Abstract of glass building

Let's talk Racial Diversity: Senior lawyers discuss ways to dismantle barriers to ethnic and racial diversity in the legal sector

Published on 25 November 2020

London, 25 November 2020: A group of leading law firms, hosted by the law firm RPC, discussed this morning ways in which the legal sector - not as representative of society as it could be - could be doing more to identify and dismantle the barriers that may exist to ethnic and racial diversity.

The forum addressed some of the fundamental questions around racial diversity in the legal sector:

  • What barriers exist to improving ethnic and racial diversity in the legal sector?
  • How can the current barriers in the legal sector be dismantled?
  • What solutions can be the launching pad for a more inclusive and racially diverse legal sector?

The talk was hosted by RPC's Director of People and Talent Development Rachel Street and Head of the firm's Ethnicity Work Stream (EWS) Parham Kouchikali. Guest speakers included:

  • Segun Osuntokun, managing partner of BCLP (London)
  • Yindi Gesinde, Baker McKenzie London partner
  • Dr Marianne Blattes, Senior Researcher of the Bridge Group

Commenting on today's thought-provoking and solutions-focused discussion, Parham Kouchikali, Commercial Disputes partner and Head of RPC's internal Ethnicity Work Stream (EWS) said:

"The lack of racial diversity in the legal profession - especially at a senior level - is a widely recognised issue in the legal sector. Whilst significant inroads are being made, there is much to do at a practical level. There is clearly a desire to act and it is my view that only through a collective and concerted effort can we begin to see change. A forum like this is much needed to work together with other law firms and to tackle the issues together."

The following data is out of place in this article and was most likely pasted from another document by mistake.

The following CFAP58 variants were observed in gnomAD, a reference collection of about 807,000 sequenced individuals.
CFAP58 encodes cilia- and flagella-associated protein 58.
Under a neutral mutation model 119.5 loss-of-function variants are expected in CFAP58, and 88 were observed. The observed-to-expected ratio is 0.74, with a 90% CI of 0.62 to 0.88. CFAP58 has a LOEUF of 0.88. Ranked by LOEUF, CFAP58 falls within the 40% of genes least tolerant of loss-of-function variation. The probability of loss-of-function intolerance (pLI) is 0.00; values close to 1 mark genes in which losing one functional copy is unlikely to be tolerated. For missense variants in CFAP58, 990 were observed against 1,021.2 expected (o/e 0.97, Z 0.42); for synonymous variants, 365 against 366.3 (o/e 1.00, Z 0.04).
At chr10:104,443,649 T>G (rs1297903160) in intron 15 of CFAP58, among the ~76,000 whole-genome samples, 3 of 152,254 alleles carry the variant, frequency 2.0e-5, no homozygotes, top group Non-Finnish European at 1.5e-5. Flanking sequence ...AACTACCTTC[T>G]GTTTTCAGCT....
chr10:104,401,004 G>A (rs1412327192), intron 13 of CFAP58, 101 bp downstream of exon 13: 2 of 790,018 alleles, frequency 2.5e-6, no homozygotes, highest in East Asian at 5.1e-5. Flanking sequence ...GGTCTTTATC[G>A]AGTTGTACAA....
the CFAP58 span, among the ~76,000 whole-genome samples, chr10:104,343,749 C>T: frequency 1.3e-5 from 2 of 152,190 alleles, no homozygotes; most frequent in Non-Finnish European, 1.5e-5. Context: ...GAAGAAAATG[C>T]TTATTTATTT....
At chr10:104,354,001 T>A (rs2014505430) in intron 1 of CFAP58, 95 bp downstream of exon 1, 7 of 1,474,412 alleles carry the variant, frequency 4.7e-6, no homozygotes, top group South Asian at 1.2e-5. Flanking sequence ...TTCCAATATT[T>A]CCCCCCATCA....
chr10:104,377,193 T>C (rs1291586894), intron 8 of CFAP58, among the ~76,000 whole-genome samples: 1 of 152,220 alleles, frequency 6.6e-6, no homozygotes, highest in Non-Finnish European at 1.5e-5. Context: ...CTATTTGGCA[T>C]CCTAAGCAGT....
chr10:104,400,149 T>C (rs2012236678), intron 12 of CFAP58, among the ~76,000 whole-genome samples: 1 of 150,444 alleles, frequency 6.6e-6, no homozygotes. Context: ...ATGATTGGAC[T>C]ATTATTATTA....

Adding to this, Segun Osuntokun, managing partner of BCLP said:

"I am delighted to have taken part in RPC’s discussion on racial diversity this morning. As we work towards a more diverse and inclusive legal profession it really is important that, collectively, we work to address longstanding systemic issues. These conversations are important, but they must be converted into action.  It is a team effort and those of us already in senior positions within the industry must do what we can to make a difference. These forums are invaluable, and I look forward to continuing the conversation. "

In a similar vein, Yindi Gesinde, partner of Baker McKenzie said:

"This year, there has been more energy and focus on the issue of racial diversity in the legal sector than ever before.  It is imperative that law firms maintain and harness this energy and turn it into tangible action.  I am excited about this initiative and I am sure that it will provide a useful forum for sharing best practices about how to recruit, retain and - importantly - progress ethnic minority talent."

RPC's approach to racial diversity:

We are an equal opportunities employer. We want the best people working with us – irrespective of their ethnic or cultural background, skin colour or any other characteristic for that matter. But we also recognise that certain privileges exist for some groups which has created a lack of representation, particularly at senior levels within firms, ours included.

While we continue to stress the importance internally of allyship, anti-racism, active diversity campaigns, mentorship and sponsorship we know that more can be done to improve the racial diversity of our people. The Black Lives Matter movement was an important reminder that we, as a firm and an industry, cannot be complacent in our efforts to even the playing field and promote access for everyone.